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 APPENDIX D nerships are necessary for assessing and quantifying the feedstock resource base because of the diversity of regional feedstocks in terms of growth requirements, climatic differences, and infrastructure needs. Work will focus on: 1) Genetic improvement of crops including yield per acre as well as traits desirable for conversion to biofuels, an effort conducted primarily by USDA, DOE’s Office of Science, land grant universities, and private companies; 2) Regional resource assessments of the types of biomass feedstocks that can be sustainably grown in specific locations across the U.S., including the development of a GIS-based bioenergy atlas; 3) Development of replicated field trials across regions to determine the impact of agricultural residue removal and to evaluate the feasibility of various energy crops; and 4) Analysis of the sustainability of producing specific biomass feedstocks, an effort being addressed by the Regional Feedstock Partnerships, USDA, and OBP analysis efforts. The GIS tool will serve as a spatially referenced database of current and potential feedstock availability and associated environmental and industrial vari- ables to be used in the analysis of future economic and environmental sustain- ability related to feedstocks. This tool will also serve as a decision support system to inform the location of new feedstock production and processing facilities and to evaluate the resulting contribution potential of biofuels to the “20 in 10” goal (and beyond) that will sustain air and water resources of quality and availability for desired uses. Sustainable harvest Current crop harvesting machinery is unable to selectively harvest desired components of biomass and address the soil carbon and erosion sustainability constraints. Biomass variability places high demand and functional requirements on biomass harvesting equipment. Current systems cannot meet the capacity, efficiency, or delivered price requirements of large cellulosic biorefineries, nor can they effectively deal with the large biomass yields per acre of potential new biomass feedstock crops. In addition, feedstock specifications and standards against which to engineer harvest equipment, technologies, and methods, do not currently exist. A key to success is the ability to convert a wider variety of regionally-avail- able biomass feedstocks and agricultural waste. The Department of Energy is working to establish Regional Biomass Energy Feedstock Partnerships that will identify local opportunities for feedstock development and ethanol production.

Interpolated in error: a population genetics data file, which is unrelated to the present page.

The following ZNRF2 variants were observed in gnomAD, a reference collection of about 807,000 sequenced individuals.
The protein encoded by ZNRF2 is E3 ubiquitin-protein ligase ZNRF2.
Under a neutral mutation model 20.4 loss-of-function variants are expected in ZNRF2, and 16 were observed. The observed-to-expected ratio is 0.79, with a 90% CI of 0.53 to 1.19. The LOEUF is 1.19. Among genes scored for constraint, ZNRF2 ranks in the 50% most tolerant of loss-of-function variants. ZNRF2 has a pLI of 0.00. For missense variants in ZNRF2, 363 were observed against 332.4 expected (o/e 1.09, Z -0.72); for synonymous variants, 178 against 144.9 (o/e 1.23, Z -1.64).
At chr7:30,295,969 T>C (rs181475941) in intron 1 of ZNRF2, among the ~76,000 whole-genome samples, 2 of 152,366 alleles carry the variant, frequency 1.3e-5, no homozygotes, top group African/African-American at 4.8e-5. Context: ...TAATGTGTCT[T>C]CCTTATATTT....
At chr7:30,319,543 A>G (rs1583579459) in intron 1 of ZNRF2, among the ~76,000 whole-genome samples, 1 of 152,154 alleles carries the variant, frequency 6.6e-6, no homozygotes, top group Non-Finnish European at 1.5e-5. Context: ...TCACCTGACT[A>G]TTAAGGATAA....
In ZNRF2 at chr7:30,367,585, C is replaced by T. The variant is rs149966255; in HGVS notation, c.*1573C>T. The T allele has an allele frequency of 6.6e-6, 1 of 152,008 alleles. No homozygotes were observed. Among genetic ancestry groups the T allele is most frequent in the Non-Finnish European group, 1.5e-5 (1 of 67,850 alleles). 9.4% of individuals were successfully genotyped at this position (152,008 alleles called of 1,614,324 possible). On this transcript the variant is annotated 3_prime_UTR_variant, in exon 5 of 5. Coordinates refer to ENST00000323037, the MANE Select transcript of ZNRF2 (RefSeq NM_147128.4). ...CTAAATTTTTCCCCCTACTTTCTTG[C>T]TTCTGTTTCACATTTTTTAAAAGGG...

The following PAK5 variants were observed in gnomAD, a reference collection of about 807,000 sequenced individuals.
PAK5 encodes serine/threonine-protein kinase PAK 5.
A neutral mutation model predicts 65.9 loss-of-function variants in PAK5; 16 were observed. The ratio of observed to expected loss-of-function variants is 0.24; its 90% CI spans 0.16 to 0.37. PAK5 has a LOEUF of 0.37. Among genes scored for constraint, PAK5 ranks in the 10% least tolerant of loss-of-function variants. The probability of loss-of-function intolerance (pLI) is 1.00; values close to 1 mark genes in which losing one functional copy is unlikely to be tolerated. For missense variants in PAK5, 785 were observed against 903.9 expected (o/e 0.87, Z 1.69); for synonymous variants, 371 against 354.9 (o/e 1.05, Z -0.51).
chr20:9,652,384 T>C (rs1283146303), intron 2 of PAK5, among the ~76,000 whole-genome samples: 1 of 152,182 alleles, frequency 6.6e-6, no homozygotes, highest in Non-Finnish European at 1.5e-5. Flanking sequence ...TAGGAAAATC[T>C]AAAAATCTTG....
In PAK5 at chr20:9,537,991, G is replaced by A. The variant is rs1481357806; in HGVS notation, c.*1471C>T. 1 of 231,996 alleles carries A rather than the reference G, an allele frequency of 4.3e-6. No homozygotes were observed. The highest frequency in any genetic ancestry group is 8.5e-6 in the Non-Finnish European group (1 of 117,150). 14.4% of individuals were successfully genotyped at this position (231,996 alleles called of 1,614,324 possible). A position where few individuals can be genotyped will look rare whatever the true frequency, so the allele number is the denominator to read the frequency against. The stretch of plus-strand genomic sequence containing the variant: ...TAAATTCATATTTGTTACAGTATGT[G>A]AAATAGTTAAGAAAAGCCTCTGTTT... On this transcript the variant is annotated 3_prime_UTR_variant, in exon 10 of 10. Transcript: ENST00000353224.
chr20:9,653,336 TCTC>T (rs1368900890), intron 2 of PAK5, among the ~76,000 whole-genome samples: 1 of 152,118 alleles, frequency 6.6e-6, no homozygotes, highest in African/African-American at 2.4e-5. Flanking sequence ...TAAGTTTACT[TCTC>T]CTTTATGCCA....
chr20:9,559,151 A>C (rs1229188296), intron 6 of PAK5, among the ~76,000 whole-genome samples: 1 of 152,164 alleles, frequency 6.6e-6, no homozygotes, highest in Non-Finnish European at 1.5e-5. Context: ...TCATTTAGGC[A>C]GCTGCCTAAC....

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 APPENDIX D Sustainable biofuels production While perhaps the greatest sustainability challenges to biofuel production lie within the feedstock production sector of the biomass-to-bioenergy supply chain, existing projects within OBP extend beyond feedstock production and harvest. Currently, a life cycle assessment (LCA) of the Advanced Energy Initiative is be- ing performed for the 60 billion gallon 30x30 scenario (a scenario for supplying 30% of 2004 motor gasoline demands by 2030). The analysis covers the entire biofuels supply chain from feedstocks to vehicles. The four main areas addressed in the LCA are: land use and soil sustainability, water use impacts, air quality impacts, and greenhouse gas (GHG) emissions impacts. Also, the GREET model (Greenhouse gases, Regulated Emissions, and Energy use in Transportation) is being utilized for an analysis of water demand for biofuel production, energy and GHG emission benefit of biofuels. Included in this project is an expansion of the existing model to include corn ethanol, sugarcane ethanol, and flex-fuel vehicle (FFV) test results. Estimated annual funding levels for research and development activities related to ecosystems services and sustainability: FY 2007 and 2008 funding for biofuels research directly related to sustain- ability is approximately $5 million. Total Biomass Program Funding supporting all R&D efforts is approximately $150M in FY07.